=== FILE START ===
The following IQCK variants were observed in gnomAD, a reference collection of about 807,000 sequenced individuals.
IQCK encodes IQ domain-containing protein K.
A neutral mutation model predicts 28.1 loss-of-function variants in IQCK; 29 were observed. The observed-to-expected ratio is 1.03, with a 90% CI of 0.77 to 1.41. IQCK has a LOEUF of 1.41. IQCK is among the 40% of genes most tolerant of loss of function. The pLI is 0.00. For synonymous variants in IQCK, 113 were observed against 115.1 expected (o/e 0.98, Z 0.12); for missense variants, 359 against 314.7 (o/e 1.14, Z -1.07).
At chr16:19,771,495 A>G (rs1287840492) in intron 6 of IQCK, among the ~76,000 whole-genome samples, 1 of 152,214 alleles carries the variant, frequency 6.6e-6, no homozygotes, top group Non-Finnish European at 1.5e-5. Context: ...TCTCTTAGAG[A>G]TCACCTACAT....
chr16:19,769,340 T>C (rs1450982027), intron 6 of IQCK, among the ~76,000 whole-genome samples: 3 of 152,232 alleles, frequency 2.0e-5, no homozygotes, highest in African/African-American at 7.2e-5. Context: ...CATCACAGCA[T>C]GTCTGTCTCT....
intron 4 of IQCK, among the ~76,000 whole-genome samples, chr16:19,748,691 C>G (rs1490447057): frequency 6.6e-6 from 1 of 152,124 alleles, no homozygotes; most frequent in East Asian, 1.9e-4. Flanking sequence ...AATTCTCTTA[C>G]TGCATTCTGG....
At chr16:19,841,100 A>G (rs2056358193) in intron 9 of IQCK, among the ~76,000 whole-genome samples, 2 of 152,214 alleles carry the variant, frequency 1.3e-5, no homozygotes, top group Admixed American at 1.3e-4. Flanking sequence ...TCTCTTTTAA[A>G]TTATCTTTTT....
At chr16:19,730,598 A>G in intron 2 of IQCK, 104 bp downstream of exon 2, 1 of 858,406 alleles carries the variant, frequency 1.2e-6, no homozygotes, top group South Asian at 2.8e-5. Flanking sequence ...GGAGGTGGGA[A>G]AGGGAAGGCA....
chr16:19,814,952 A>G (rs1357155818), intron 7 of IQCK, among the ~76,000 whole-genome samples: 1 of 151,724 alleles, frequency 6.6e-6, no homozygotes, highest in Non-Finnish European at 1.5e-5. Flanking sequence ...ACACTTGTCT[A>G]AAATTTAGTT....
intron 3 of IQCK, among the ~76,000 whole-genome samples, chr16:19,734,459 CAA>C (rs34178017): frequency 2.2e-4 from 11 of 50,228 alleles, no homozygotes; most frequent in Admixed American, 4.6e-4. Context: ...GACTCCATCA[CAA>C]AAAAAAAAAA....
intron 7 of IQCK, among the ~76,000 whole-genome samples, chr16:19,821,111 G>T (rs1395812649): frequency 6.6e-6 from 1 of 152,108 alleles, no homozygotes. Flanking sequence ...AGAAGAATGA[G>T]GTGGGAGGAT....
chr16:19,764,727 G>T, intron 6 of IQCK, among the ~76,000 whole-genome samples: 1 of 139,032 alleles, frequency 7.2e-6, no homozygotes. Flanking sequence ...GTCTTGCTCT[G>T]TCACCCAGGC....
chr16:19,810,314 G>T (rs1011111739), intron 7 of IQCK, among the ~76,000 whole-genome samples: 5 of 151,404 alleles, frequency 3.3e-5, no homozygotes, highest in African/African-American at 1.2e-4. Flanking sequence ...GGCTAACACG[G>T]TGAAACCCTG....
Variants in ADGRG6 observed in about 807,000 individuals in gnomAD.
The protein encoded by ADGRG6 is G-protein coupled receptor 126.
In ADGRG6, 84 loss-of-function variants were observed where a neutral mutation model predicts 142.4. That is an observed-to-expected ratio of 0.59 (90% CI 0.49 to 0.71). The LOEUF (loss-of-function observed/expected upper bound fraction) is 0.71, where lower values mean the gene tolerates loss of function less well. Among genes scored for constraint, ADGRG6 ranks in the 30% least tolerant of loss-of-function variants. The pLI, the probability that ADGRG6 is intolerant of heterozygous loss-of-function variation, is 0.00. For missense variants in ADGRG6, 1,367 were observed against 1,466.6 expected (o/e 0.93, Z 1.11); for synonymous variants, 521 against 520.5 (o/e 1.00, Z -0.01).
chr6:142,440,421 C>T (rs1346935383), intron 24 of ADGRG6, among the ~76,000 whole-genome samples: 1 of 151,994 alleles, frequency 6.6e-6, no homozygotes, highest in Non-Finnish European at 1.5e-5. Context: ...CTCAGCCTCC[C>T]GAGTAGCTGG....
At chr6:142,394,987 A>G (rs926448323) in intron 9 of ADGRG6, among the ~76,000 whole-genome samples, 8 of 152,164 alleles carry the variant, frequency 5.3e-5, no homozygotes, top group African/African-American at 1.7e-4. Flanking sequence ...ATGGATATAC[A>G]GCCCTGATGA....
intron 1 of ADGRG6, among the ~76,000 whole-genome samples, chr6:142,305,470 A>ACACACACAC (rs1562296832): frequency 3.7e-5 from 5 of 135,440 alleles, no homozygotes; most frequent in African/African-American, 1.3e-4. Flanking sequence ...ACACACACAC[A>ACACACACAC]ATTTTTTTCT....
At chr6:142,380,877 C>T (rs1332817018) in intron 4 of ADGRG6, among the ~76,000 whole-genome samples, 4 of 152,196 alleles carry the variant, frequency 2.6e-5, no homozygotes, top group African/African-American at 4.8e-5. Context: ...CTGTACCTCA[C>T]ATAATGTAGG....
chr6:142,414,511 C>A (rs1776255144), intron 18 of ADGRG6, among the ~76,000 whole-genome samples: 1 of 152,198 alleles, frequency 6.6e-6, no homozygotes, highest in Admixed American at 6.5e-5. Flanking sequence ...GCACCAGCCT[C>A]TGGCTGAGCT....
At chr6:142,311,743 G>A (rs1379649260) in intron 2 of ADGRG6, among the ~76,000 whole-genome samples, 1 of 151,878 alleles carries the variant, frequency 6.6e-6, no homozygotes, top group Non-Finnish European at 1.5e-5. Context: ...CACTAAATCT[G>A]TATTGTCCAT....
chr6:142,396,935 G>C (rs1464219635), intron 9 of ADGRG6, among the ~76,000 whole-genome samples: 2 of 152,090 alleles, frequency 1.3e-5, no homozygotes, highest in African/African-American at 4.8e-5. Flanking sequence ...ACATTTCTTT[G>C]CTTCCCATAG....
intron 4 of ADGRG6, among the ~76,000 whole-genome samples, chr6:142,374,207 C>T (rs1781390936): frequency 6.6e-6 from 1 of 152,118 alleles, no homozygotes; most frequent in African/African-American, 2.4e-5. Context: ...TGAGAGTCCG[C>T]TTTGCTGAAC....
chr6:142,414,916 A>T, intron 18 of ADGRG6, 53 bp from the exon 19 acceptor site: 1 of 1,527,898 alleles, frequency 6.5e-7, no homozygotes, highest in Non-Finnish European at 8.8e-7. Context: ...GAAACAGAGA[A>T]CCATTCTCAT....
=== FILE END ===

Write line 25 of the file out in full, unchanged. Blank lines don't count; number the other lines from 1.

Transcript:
chr6:142,414,916 A>T, intron 18 of ADGRG6, 53 bp from the exon 19 acceptor site: 1 of 1,527,898 alleles, frequency 6.5e-7, no homozygotes, highest in Non-Finnish European at 8.8e-7. Context: ...GAAACAGAGA[A>T]CCATTCTCAT....